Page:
Yesterday, the US Supreme Court declined to hear an appeal of a California judge's ruling last year on a California state policy that treats graduates of California high schools as residents for the purposes of tuition, regardless of their immigration status.
The immediate beneficiaries of their order dismissing the appeal, according to the LA Times, are
the estimated 41,000 students — less than 1% of total enrollment — at UC, Cal State and community college campuses who qualify for the in-state discount under the 10-year-old state law. Some of those are illegal immigrants and others are U.S. citizens who attended California high schools but whose families then moved. UC estimates that 600 of them are undocumented; Cal State and community colleges say they don't have that information.
Several things about this statistical summary leapt out at me.
First, there is the parenthetical phrase, "less than 1% of total enrollment". Including that phrase in the story makes it seem like the issue should be subject to some sort of percentage cutoff. While the legal case was won, the propaganda case will be lost unless we insist that it does not matter how many students fall into this category: they graduated from California high schools, and they deserve the same chance at a college education here as all their peers.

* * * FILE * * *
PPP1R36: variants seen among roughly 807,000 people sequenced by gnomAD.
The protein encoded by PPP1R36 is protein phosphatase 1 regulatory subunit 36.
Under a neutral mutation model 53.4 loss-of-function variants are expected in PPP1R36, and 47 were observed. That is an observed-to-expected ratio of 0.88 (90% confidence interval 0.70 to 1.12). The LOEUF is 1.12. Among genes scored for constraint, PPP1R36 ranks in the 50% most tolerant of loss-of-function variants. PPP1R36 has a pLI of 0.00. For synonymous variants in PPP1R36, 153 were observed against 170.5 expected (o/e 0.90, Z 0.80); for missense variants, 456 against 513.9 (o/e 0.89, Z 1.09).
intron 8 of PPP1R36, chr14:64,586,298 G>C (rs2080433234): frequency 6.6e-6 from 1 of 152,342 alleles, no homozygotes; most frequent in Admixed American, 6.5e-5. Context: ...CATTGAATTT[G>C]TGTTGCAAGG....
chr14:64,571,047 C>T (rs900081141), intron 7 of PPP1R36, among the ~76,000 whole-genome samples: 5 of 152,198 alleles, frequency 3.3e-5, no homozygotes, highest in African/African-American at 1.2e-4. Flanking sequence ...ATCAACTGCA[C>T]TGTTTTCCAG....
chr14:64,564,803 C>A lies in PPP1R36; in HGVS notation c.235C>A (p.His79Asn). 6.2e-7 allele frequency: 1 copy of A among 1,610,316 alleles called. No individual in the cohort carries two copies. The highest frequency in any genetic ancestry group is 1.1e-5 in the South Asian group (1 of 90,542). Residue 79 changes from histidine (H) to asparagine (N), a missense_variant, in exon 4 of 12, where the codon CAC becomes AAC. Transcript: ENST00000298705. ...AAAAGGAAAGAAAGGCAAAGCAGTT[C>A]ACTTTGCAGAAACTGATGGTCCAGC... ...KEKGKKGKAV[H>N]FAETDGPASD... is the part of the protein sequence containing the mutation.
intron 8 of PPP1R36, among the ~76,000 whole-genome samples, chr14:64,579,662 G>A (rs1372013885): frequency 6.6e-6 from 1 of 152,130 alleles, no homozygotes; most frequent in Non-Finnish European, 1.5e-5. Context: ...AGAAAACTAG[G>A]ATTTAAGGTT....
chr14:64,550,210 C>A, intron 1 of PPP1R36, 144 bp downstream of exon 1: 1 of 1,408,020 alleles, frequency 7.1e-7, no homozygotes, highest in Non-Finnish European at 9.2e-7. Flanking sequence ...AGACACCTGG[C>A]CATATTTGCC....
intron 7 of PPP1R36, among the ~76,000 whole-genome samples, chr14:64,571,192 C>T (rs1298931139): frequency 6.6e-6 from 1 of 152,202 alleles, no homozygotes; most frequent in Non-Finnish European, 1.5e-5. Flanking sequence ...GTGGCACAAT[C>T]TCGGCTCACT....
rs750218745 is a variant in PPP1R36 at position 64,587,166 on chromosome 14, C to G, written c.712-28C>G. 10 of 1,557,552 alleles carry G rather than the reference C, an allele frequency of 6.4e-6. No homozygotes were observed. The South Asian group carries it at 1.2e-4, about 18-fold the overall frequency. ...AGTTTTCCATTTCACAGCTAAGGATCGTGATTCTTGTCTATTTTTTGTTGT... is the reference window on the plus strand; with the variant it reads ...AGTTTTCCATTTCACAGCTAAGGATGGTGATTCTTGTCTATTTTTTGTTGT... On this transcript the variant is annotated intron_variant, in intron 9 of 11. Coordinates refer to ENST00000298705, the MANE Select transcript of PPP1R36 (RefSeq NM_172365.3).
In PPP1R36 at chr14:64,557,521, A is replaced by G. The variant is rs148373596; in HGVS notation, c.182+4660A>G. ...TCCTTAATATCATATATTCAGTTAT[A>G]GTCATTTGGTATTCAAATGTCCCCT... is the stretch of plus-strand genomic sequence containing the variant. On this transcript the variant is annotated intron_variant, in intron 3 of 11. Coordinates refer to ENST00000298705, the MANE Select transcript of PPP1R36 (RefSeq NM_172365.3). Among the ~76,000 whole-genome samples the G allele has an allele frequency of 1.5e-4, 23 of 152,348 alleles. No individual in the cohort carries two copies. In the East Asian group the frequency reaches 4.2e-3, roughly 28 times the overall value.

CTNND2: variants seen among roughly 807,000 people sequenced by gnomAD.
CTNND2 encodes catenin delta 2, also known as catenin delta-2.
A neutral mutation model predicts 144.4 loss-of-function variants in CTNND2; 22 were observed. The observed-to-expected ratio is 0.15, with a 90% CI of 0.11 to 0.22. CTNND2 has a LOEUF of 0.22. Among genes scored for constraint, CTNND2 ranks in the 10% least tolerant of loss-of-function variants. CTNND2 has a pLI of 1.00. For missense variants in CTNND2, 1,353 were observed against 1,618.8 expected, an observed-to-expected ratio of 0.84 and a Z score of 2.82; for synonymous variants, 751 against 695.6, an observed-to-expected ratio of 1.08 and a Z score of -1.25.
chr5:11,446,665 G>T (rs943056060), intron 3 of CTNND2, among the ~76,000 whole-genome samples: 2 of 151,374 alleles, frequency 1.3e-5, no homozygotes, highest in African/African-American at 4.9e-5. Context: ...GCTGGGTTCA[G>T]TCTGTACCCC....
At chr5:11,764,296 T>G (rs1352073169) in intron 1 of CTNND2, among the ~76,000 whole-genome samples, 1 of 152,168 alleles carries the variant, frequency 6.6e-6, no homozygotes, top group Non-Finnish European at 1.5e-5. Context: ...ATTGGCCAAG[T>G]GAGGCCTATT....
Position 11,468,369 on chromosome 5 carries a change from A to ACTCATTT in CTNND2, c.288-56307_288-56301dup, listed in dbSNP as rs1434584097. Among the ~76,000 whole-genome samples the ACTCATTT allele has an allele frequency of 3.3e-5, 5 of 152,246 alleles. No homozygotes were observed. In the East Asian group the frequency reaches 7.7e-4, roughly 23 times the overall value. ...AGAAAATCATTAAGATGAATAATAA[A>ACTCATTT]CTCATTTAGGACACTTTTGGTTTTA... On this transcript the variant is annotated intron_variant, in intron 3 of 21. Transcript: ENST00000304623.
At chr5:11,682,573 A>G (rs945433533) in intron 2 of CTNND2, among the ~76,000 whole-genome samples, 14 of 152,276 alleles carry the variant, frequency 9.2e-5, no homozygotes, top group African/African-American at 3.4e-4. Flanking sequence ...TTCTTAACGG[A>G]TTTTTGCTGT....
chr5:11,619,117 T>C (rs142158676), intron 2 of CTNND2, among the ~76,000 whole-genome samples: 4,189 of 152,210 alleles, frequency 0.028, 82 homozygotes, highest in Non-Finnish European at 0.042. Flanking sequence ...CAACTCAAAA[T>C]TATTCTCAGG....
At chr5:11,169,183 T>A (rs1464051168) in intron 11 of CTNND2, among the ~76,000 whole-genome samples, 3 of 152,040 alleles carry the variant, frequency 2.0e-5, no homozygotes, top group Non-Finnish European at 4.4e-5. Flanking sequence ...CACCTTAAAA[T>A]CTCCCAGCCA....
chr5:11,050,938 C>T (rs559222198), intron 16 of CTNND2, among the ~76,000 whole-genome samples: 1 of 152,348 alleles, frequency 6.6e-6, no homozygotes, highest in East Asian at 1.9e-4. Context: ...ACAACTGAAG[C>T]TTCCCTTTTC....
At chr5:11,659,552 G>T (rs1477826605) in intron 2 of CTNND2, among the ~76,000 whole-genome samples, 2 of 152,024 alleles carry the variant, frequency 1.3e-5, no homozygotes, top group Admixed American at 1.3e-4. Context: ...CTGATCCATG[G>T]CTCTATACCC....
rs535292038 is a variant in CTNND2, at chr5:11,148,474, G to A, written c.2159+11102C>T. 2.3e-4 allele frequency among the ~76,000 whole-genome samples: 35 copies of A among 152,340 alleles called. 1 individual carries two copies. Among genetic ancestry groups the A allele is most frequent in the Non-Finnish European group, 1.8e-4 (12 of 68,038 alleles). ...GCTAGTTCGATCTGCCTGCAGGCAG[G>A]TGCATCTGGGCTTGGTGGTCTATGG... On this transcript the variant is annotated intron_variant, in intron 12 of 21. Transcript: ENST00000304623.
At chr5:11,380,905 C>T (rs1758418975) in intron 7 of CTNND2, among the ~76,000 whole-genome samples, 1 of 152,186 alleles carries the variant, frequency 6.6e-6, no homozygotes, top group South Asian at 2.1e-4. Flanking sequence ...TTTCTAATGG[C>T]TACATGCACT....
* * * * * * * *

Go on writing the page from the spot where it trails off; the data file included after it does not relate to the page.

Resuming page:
Second, and reinforcing the idea that the moral point has been lost, there is that continued desire to know how many of the estimated 41,000 beneficiaries are undocumented immigrants. Immigration status is, as the responses from the CSU and community colleges indicate, not even relevant to college admissions. What is relevant is the preparation students bring to the challenge of gaining a college degree. That is what tells us whether the students we admit will go on to form the highly educated workforce that California has depended on.
And that leads me to my conclusion. There aren't just 41,000 beneficiaries of this decision. There are more than 37 million beneficiaries-- the entire population of the state.
We all benefit.
As William G. Tierney, director of USC's Center for Higher Education Policy Analysis, is quoted as saying in the LA Times,
"It's good economic policy for the state to have more educated workers. We do not have enough now for high-wage, high-skilled jobs".
Educated workers are what drives the economy of California. Why on earth would we not want an educated work force?